"A born writer, especially a born story-teller. Dr. Sutherland, who is distinguished in medicine, is an amateur in the sense that he only writes when he has nothing better to do. But when he does, it could hardly be done better." G.K. Chesterton.
Consumption Stories from the Frontline is part of the build up to the centenary of Consumption: Its Cause and Cure, an address by Dr Halliday Sutherland on 4th September 2017. In this third of five articles, Dr Sutherland tells of life at the St Marylebone Dispensary for the Prevention of Consumption in 1911, in his own words.
From what I saw of the poor in London, it was clear that many of them were exploited, even in death. When Bill Smith was dying of consumption, the insurance agent came to the door, and suggested to Mrs. Smith that it would be a good thing to insure her husband’s life. It was quite simple. All she had to do was to sign a paper stating that Bill Smith was in good health, and pay the weekly premiums. Then Bill Smith died, and I wrote his death certificate. On these certificates there is a space in which the doctor is asked to state the duration of the illness in years, months, or days. It is not obligatory to give this information, and I never gave it. A few days later the insurance agent called on me. “Sorry to trouble you, Doctor. Just a little matter of business. The company would like to know how long Bill Smith has been ill. They will pay you ten-and-six for the information.”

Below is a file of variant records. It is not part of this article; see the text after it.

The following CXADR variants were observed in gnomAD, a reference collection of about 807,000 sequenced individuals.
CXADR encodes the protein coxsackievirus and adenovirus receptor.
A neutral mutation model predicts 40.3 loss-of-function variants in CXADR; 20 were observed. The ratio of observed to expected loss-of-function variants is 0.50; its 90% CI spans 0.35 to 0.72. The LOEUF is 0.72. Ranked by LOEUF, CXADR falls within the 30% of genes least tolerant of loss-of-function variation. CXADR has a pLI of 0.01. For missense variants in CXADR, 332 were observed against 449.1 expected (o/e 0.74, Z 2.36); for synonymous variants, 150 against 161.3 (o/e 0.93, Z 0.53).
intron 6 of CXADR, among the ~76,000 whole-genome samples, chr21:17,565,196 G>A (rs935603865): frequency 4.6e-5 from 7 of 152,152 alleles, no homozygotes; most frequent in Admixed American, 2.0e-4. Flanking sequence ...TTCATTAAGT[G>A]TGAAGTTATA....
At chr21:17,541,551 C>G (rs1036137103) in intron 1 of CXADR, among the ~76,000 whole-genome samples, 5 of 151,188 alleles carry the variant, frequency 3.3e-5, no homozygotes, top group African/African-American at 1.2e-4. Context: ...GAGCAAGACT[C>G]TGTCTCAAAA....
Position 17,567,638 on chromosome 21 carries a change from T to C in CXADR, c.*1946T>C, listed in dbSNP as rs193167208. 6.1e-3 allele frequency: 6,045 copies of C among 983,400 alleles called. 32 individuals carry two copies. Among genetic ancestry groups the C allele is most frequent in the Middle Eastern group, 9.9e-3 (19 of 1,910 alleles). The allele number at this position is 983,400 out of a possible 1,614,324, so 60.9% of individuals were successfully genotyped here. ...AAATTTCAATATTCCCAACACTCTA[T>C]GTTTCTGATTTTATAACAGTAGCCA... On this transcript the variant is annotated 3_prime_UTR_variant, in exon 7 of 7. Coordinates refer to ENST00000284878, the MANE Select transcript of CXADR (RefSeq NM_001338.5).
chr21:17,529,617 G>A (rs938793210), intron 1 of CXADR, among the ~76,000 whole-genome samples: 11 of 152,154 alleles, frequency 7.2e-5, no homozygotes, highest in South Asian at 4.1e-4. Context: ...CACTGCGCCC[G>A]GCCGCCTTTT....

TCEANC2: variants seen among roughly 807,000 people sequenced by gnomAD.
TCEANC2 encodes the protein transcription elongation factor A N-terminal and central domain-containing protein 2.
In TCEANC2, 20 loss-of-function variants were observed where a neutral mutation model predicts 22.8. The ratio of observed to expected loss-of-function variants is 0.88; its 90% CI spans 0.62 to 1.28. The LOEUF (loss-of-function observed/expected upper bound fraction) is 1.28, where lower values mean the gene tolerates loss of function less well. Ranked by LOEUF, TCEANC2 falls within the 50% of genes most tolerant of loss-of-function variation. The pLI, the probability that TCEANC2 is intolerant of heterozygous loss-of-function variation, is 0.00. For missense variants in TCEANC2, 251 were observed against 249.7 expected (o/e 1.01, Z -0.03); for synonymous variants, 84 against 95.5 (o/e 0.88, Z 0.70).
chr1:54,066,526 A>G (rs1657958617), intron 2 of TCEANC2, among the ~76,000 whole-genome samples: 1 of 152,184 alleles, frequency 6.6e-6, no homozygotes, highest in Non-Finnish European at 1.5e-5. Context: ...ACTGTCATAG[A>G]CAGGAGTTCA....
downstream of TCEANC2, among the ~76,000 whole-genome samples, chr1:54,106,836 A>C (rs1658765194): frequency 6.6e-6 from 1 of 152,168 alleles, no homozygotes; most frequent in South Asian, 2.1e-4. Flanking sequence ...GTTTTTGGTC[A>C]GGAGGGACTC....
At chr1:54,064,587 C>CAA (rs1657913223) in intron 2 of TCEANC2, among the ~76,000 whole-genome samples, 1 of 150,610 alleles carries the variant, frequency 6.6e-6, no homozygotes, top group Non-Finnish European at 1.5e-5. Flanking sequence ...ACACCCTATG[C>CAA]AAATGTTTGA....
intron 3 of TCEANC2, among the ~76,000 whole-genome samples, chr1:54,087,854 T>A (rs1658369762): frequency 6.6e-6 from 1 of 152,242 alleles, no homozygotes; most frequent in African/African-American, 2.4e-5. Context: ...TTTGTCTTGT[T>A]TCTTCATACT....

“And they won’t get it from me,” was my answer. “You insured this man’s life without a medical examination. Now you want to repudiate the contract, and stick to the premiums. Even if Mrs Smith did make a false statement, the one that tempts is worse than the one who falls.”
In other cases, when money was due on the death of an insured person, the insurance agent would have a talk with the undertaker, and it was curious how the funeral cost exactly the amount of the insurance money. The most scandalous funerals are to be seen in the East End of London. A house-to-house collection is made, and the whole street tries to give Bill ‘Awkins a better funeral than the Widow Burton got last week two streets away. There is a hearse drawn by four black horses. The black horses are the only indication that the occasion is a funeral, because the hearse resembles a floral car in the Carnival at Nice. Attached to the back of the hearse is the design in flowers of a full-sized arm-chair – the Empty Chair. When watching one of these spectacles I overheard an old gentleman, obviously much impressed, say to a fellow-spectator, a boy of twelve: “Can you tell me who is dead, my boy?”
“Well, if you asks me, I’d say it was the bloke under them flowers.”
Poor Bill ‘Awkins! In life you often were in want of money, and next week your widow will be destitute. For the first time you are driving in state, and to-day you are leading the only procession in which no-one will ever bear us a grudge for having taken the first place.
From: The Arches of the Years by Halliday Sutherland. Previously posted as Death in the East End.